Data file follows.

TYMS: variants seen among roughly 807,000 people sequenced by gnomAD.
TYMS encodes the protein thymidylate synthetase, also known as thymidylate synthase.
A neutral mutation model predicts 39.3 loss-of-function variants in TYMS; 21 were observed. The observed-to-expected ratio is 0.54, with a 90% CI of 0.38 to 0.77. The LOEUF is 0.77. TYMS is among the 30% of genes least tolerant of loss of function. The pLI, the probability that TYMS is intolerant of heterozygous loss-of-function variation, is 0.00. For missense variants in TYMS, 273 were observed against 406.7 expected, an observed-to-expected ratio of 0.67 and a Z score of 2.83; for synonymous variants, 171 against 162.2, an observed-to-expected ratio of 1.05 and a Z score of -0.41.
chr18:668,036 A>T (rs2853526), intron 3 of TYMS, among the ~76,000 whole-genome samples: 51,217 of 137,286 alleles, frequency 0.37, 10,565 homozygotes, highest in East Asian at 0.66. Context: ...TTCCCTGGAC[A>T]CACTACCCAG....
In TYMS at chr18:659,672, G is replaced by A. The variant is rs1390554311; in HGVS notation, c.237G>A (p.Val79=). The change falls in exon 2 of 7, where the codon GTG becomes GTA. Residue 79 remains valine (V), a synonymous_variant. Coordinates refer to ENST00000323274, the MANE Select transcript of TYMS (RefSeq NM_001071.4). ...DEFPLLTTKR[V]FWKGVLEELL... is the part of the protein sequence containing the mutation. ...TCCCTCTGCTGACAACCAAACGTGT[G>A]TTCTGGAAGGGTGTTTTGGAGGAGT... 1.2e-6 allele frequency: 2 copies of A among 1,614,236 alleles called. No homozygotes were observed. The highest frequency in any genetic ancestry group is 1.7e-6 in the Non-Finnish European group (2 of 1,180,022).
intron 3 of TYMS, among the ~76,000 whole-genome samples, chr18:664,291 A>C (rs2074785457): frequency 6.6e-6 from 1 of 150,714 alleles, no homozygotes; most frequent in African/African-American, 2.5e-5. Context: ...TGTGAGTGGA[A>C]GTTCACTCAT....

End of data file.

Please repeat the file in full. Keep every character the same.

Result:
TYMS: variants seen among roughly 807,000 people sequenced by gnomAD.
TYMS encodes the protein thymidylate synthetase, also known as thymidylate synthase.
A neutral mutation model predicts 39.3 loss-of-function variants in TYMS; 21 were observed. The observed-to-expected ratio is 0.54, with a 90% CI of 0.38 to 0.77. The LOEUF is 0.77. TYMS is among the 30% of genes least tolerant of loss of function. The pLI, the probability that TYMS is intolerant of heterozygous loss-of-function variation, is 0.00. For missense variants in TYMS, 273 were observed against 406.7 expected, an observed-to-expected ratio of 0.67 and a Z score of 2.83; for synonymous variants, 171 against 162.2, an observed-to-expected ratio of 1.05 and a Z score of -0.41.
chr18:668,036 A>T (rs2853526), intron 3 of TYMS, among the ~76,000 whole-genome samples: 51,217 of 137,286 alleles, frequency 0.37, 10,565 homozygotes, highest in East Asian at 0.66. Context: ...TTCCCTGGAC[A>T]CACTACCCAG....
In TYMS at chr18:659,672, G is replaced by A. The variant is rs1390554311; in HGVS notation, c.237G>A (p.Val79=). The change falls in exon 2 of 7, where the codon GTG becomes GTA. Residue 79 remains valine (V), a synonymous_variant. Coordinates refer to ENST00000323274, the MANE Select transcript of TYMS (RefSeq NM_001071.4). ...DEFPLLTTKR[V]FWKGVLEELL... is the part of the protein sequence containing the mutation. ...TCCCTCTGCTGACAACCAAACGTGT[G>A]TTCTGGAAGGGTGTTTTGGAGGAGT... 1.2e-6 allele frequency: 2 copies of A among 1,614,236 alleles called. No homozygotes were observed. The highest frequency in any genetic ancestry group is 1.7e-6 in the Non-Finnish European group (2 of 1,180,022).
intron 3 of TYMS, among the ~76,000 whole-genome samples, chr18:664,291 A>C (rs2074785457): frequency 6.6e-6 from 1 of 150,714 alleles, no homozygotes; most frequent in African/African-American, 2.5e-5. Context: ...TGTGAGTGGA[A>C]GTTCACTCAT....